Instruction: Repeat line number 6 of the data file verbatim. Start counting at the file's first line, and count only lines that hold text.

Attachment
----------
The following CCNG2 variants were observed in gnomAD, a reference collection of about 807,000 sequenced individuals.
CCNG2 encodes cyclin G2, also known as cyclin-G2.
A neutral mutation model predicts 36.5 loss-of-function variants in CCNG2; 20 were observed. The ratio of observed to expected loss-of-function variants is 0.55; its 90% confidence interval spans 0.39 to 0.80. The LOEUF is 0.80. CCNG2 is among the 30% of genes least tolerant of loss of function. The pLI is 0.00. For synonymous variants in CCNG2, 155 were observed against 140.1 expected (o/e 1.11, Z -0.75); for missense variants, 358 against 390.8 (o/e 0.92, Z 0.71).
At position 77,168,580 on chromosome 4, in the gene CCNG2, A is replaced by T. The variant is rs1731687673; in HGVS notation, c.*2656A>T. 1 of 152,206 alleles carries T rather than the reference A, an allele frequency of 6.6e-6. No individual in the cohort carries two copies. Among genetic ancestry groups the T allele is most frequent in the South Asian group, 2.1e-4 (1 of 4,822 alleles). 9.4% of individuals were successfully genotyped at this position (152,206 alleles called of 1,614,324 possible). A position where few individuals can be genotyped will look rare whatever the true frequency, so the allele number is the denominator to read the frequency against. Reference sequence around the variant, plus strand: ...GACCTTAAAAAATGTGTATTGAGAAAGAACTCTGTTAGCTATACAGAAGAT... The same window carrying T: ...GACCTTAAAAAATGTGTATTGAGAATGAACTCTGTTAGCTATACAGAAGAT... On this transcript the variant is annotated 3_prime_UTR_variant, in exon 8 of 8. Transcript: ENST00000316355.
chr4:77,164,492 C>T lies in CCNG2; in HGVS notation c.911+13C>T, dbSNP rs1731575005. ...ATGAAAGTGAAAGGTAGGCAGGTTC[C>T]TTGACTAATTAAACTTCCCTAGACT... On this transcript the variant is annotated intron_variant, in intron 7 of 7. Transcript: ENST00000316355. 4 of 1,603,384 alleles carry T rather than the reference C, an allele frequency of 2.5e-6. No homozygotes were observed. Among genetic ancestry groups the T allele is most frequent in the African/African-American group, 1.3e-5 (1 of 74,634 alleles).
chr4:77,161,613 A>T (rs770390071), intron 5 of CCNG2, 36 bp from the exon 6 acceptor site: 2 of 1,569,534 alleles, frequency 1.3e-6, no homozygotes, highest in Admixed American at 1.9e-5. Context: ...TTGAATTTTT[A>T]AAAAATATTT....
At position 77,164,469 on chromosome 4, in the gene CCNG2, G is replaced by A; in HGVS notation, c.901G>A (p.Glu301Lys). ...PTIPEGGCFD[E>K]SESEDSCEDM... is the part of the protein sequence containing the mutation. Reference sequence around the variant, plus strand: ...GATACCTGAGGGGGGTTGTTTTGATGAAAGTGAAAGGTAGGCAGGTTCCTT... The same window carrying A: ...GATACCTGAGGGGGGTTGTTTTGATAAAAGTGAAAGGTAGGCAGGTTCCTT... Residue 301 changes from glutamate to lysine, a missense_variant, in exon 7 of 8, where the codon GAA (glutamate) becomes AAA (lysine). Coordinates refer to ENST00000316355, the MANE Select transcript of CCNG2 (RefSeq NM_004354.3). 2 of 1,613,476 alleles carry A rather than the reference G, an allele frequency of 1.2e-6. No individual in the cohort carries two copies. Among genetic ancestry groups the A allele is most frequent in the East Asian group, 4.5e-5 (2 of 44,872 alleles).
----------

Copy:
chr4:77,161,613 A>T (rs770390071), intron 5 of CCNG2, 36 bp from the exon 6 acceptor site: 2 of 1,569,534 alleles, frequency 1.3e-6, no homozygotes, highest in Admixed American at 1.9e-5. Context: ...TTGAATTTTT[A>T]AAAAATATTT....